— Dreamers of the Ghetto • I. Zangwill

... for comedy; not even in that case which has been always too common in France, Italy, and the Romish countries, and which seems to have been painfully common in England in the seventeenth century, when, by a mariage de convenance, a young girl is married up to a rich idiot or a decrepit old man. Such things are not comedies, but tragedies; subjects for pity and for silence, not for brutal ribaldry. Therefore the men who look on them in the light which the Stuart dramatists looked ...
— Plays and Puritans - from "Plays and Puritans and Other Historical Essays" • Charles Kingsley

... voice broke upon the word, his usually upright figure seemed suddenly bowed and shrunken, he looked indeed a very grief-stricken, decrepit old man as he stood fumbling in the pockets of his shabby coat, whence he presently drew a letter that shook and rustled in his ...
— Peregrine's Progress • Jeffery Farnol

... hints from natural colors; from birds, skies, or groups of figures. And if, in the delight of inventing fantastic color and form the truths of nature are wilfully neglected, the intellect becomes comparatively decrepit, and that state of art results which we find among the Chinese. The Greek designers delighted in the facts of the human form, and became great in consequence; but the facts of lower nature were disregarded by them, and their inferior ornament ...
— The Stones of Venice, Volume II (of 3) • John Ruskin

... A decrepit vehicle with a gaudy linen canopy hove in sight. Mr. Ducksmith hailed it as the last victims of the Flood must have hailed the Ark. He sprang into it and drove ...
— The Joyous Adventures of Aristide Pujol • William J. Locke

... or five powder barrels had been left in the magazine for saluting purposes, and quite a little loose powder had been allowed to lie upon the floor. Some careless seamen had gone down into the hold with a decrepit, old lantern. The handle broke, the flame set fire to the loose powder,—and that was the end of the gallant ship Fleuron. She burned to the water's edge and then went down to the bottom with a dull, sizzling hiss; while the treasure also disappeared. Later on, ...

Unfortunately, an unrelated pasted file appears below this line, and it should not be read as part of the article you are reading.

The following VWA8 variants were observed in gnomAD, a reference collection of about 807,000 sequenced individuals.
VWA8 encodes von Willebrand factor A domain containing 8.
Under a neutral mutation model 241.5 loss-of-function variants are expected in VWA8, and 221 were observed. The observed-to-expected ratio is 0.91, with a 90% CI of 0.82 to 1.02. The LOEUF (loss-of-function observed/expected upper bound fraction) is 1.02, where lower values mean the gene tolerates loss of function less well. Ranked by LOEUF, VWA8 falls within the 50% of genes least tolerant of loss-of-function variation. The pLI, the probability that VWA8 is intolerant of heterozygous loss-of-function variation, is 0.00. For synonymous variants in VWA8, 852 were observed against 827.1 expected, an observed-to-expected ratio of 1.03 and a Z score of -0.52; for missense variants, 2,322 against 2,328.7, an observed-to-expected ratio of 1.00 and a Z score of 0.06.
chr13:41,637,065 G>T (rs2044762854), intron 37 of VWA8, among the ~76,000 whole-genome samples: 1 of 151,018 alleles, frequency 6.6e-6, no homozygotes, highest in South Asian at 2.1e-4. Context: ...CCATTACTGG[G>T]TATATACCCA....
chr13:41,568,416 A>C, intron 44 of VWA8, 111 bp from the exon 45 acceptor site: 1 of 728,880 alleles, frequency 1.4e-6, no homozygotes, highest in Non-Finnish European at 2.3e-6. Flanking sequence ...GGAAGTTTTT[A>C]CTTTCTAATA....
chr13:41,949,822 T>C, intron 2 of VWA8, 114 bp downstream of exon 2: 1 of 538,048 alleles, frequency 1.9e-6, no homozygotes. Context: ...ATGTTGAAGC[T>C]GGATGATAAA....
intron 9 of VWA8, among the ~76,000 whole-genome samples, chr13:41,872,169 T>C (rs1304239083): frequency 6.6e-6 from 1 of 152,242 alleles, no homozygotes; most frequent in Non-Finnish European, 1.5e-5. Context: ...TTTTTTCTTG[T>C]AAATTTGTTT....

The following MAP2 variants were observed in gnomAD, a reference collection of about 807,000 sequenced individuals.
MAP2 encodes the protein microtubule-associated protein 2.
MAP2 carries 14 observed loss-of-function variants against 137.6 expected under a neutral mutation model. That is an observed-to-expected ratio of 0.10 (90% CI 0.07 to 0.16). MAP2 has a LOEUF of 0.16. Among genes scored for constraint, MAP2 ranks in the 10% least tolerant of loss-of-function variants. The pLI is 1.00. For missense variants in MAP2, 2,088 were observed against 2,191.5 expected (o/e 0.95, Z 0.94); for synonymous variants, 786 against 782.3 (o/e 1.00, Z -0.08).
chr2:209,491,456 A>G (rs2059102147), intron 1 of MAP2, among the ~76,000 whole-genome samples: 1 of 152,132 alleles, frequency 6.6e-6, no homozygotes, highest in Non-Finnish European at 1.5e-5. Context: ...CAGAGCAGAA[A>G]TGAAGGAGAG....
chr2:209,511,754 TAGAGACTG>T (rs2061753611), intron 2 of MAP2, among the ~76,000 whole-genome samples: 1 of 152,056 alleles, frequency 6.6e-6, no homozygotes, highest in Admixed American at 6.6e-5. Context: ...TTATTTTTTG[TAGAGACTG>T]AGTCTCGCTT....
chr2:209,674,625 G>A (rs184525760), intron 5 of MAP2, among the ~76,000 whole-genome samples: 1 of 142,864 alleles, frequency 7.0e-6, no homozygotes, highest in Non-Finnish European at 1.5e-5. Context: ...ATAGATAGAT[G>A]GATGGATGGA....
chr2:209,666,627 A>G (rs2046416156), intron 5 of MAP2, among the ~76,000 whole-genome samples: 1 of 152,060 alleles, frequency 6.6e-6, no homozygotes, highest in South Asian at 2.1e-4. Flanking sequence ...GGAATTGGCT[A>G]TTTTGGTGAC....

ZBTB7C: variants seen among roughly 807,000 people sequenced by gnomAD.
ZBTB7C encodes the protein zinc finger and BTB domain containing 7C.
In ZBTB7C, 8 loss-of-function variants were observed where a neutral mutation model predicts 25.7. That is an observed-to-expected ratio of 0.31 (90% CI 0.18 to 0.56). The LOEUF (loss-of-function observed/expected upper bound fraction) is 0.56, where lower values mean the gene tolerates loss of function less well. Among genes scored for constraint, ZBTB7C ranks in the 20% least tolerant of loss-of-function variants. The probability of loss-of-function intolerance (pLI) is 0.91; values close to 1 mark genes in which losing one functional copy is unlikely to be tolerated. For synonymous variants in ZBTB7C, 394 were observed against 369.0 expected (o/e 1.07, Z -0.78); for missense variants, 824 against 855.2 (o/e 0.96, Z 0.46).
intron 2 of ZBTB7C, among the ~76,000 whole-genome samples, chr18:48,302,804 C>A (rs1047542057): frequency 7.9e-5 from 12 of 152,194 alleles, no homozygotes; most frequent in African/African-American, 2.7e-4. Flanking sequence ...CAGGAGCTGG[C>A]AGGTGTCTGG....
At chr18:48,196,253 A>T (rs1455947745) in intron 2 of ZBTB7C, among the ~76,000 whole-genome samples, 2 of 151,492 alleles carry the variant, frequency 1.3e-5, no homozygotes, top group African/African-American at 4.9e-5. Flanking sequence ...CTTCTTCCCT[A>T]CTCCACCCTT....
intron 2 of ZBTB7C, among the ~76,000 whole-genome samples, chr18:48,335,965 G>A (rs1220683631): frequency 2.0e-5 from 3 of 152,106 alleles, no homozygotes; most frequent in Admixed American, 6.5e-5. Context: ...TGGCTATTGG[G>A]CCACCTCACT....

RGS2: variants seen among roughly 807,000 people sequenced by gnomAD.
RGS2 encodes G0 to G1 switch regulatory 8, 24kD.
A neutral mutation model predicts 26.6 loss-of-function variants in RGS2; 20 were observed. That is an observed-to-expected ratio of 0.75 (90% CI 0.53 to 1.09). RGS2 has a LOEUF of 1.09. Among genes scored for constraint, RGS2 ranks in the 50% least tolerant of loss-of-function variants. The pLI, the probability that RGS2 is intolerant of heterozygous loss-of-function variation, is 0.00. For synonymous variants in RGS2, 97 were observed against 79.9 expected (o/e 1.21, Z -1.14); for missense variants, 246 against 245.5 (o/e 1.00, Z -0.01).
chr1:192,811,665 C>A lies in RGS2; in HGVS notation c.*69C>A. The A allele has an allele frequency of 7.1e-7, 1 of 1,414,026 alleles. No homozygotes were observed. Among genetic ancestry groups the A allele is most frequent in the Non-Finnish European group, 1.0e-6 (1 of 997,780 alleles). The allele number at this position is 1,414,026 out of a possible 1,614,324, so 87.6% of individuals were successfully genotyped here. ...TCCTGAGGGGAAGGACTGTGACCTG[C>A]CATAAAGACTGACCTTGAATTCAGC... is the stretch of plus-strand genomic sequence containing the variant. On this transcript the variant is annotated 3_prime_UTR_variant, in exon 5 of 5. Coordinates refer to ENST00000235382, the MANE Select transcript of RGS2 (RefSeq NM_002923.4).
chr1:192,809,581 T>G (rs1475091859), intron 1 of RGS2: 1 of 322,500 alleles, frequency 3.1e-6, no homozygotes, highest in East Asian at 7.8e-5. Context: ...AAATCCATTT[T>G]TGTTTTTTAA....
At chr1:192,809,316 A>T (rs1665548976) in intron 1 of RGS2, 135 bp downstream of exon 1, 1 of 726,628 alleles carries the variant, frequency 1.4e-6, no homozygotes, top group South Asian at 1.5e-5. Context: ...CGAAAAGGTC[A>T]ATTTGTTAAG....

— Famous Privateersmen and Adventurers of the Sea • Charles H. L. Johnston

... stand in need of my assistance, took him upon my back, and having carried him over, bade him get down, and for that end stooped, that he might get off with ease; but instead of doing so (which I laugh at every time I think of it), the old man, who to me appeared quite decrepit, threw his legs nimbly about my neck. He sat astride upon my shoulders, and held my throat so tight that I thought he would have strangled me, and ...
— The Junior Classics, V5 • Edited by William Patten

... streets of London were very insufficiently guarded. Of police, as we now understand the word, there were none, but at night the public buildings and principal thoroughfares were handed over to the care of aged and decrepit men, called 'Charlies,' who, being too old to work by day, were supposed to be able to take charge of the streets ...
— Chatterbox, 1906 • Various

... the place was dark again, Gordon set to work on the flimsy framework of his cell window. He knew already it was so decrepit that he could escape any time he desired, but until now there had been no reason why he should. Within a quarter of an hour he lifted the iron-grilled sash bodily from the frame and crawled through ...
— The Yukon Trail - A Tale of the North • William MacLeod Raine

... the only woman in the hotel dining room for luncheon. The food was good, but the service impossible, as there were some forty men, mostly officers, very hungry, and only one decrepit waiter to do the work. Good humor prevailed, each diner making allowances, and here for the first time I heard that expression, destined to become so popular as an excuse for almost ...
— My Home In The Field of Honor • Frances Wilson Huard

... but think there is some small dull perception, whereby they are distinguished from perfect insensibility. And that this may be so, we have plain instances, even in mankind itself. Take one in whom decrepit old age has blotted out the memory of his past knowledge, and clearly wiped out the ideas his mind was formerly stored with, and has, by destroying his sight, hearing, and smell quite, and his taste to a great degree, stopped up almost all the passages for new ones to enter; or if there be some ...
— An Essay Concerning Humane Understanding, Volume I. - MDCXC, Based on the 2nd Edition, Books I. and II. (of 4) • John Locke